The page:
J Stroke Cerebrovasc Dis
© 2020 The Author(s) Background: There is conflicting data on the effect of carotid revascularization on cognitive function. Objective: To examine cerebral blood flow and cognitive function after carotid revascularization. Methods: Patients with unilateral, asymptomatic hemodynamically significant carotid artery stenosis (80% by computed tomography angiography or magnetic resonance angiography) were eligible. Cerebral blood flow was measured preoperatively and 1 month postoperatively using quantitative phase contrast magnetic resonance angiography. Preoperative flow impairment was defined as ipsilateral flow at least 20% less than contralateral flow (ie, an ipsilateral and/or contralateral flow ratio ≤0.8). Significant improvement in blood flow was defined as at least a 0.15 increase in flow ratio from pre- to postoperative. A control group was managed medically. Four cognitive domains were assessed at baseline, 1 month, and 6-12 months postoperatively. Results: Seventy-five patients were enrolled at 6 sites; 53 carotid endarterectomy, 11 carotid artery stenting, and 11 medical management only controls. Preoperative Trails B scores were similar between groups. Revascularization was associated with significant improvement in executive function (Trials B) while no improvement was observed in controls (P = .007). Of patients with improvement in middle cerebral artery (MCA) flow, 90% had improved Trails B scores compared to 46.5% of patients without MCA flow improvement (P = .01). Greater absolute improvement in mean Trails B scores was observed in patients with MCA flow improvement compared to those without (48 seconds versus 24.7 seconds, P = .001). Conclusions: In a cohort of patient with asymptomatic carotid stenosis, improvement in MCA flow following carotid revascularization is associated with improvement in executive functioning.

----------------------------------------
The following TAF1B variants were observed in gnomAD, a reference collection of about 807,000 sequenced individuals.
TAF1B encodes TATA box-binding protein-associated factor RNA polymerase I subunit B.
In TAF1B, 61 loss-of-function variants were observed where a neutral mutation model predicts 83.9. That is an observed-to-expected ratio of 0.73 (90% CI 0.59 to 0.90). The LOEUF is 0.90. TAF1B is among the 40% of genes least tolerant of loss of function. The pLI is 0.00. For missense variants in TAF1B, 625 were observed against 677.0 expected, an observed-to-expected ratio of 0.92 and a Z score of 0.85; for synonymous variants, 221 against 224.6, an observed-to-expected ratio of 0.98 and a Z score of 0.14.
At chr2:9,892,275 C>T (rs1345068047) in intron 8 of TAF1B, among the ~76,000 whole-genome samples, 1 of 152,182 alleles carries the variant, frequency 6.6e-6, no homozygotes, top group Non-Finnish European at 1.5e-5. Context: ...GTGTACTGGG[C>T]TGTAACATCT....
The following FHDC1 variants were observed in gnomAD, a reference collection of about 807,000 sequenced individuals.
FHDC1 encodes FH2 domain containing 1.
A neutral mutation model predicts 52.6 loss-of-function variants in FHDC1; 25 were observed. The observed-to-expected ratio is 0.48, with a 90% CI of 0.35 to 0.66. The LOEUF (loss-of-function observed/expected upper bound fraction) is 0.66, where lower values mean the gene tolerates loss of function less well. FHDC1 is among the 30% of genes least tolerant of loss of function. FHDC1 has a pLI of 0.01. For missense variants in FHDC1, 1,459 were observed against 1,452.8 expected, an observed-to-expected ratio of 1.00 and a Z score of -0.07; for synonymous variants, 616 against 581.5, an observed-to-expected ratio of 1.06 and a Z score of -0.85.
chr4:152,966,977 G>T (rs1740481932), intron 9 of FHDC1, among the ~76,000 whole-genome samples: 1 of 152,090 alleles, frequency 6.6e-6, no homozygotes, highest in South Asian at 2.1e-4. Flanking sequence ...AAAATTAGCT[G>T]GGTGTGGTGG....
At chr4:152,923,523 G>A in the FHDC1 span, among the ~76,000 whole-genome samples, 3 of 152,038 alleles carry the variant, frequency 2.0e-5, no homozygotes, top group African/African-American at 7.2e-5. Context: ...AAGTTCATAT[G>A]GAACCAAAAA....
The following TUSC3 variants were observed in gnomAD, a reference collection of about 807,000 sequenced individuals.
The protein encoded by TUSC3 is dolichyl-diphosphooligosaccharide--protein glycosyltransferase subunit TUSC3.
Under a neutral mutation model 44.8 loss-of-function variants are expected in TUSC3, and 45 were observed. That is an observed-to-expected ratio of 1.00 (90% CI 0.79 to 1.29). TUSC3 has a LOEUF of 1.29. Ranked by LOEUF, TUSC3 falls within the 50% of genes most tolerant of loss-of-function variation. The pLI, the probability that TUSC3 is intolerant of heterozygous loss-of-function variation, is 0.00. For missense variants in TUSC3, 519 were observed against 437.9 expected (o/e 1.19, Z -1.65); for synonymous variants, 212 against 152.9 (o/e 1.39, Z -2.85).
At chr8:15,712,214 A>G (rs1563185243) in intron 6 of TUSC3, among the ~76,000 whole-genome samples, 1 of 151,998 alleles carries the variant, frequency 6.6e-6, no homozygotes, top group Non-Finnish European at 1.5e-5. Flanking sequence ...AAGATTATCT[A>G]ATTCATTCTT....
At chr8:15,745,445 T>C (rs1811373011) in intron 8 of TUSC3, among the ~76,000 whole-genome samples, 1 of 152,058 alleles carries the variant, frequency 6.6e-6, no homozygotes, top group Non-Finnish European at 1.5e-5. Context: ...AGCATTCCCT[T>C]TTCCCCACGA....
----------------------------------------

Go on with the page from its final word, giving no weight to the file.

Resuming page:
School of Medicine